3.- Hold the space. Use every channel to help people navigating the right emotional fields at any time.
Use music, videos, papers, foods… Anything you think it’s important and useful to help people move from one emotion to another through all the day. For example, you might want them to end up the day with energy, so why not lots of sugar and happy music to finish the event? What about the beginning? If you need them to start remembering, thinking on what was the last year for them, Wouldn’t it be great to have some calm and safe environment with private conversations about myself, or recognitions, over a calm music base with a beach sunset on the screen?
4.- Be inspiring. The whole event.
A company retrospective is not only about improving processes, but also about offering strong energy for the next year. You usually find teams who have experienced a hard year, and lots of complex discussions will take place that day. Navigating to a different reality level helps people solve conflicts. Have them remember good times they lived together, or dream future successes. Have them feel again the same positive emotions they experienced together when they met, or when they succeeded together in the past. These are key secrets to help teams switch from a fighting to a building context, which definitely takes them to the required mood to solve problems.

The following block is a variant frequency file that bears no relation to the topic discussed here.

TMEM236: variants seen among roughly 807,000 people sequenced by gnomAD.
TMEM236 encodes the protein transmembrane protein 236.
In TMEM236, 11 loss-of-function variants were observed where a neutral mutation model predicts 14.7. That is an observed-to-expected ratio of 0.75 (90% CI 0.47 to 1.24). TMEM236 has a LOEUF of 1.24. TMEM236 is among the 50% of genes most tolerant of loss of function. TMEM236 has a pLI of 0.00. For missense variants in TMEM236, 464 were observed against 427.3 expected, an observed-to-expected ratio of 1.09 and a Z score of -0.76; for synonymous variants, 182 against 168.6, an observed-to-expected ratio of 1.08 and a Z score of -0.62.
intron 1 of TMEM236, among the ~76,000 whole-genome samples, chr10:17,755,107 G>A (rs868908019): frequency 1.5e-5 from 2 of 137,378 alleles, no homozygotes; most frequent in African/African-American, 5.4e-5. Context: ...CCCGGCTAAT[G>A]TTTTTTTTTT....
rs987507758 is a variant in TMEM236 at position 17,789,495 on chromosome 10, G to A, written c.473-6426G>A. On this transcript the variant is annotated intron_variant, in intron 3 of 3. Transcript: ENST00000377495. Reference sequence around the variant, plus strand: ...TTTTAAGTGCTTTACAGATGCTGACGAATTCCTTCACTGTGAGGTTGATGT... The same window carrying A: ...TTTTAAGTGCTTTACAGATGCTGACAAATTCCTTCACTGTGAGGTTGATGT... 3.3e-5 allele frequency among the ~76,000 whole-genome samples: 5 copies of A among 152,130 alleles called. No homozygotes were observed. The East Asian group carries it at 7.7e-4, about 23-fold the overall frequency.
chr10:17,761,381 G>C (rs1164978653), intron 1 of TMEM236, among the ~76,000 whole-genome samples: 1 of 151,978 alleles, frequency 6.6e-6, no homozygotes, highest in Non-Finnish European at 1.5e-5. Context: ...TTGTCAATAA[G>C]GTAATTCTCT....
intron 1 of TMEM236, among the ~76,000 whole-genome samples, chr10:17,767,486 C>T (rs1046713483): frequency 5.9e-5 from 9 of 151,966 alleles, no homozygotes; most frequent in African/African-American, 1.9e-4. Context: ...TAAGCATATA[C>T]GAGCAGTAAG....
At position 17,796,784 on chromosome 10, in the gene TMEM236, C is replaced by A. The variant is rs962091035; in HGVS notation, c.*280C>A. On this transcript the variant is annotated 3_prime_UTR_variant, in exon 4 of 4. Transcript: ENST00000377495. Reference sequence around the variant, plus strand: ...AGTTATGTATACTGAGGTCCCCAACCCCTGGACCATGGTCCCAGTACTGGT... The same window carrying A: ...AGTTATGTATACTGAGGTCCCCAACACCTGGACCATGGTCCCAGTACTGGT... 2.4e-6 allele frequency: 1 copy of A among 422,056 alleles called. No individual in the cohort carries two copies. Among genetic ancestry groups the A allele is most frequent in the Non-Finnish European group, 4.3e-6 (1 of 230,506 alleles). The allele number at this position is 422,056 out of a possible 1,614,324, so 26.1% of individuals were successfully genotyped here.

5.- Honor and mirror the attendants. Continuously.
Everyone who is really giving their best this day, and most likely it’s a high percentage of the attendants, are deep in their conversations, and lots of emotions arise. As a coach, you can mirror what you are seeing, but never show interpretations on the signs you see. For example, you might see some of the attendance are smiling, others exhaling, others might decide to sit down on the floor. As a coach, reflecting those behaviors and asking what is behind them makes the whole group aware of what is going on. Don’t ever run the risk to express what you believe is behind the signs, because you might be wrong and could generate noise in the group.
On the other hand, it is really good encouraging people to continue giving their best, energize them and support their passion. Give a clear vision on the agenda for the rest of the day, and let them know how the timing is going. That way everyone can control the energy he puts in every moment.
6.- This is a self-criticism day. Don’t jump to discuss before everyone understands it.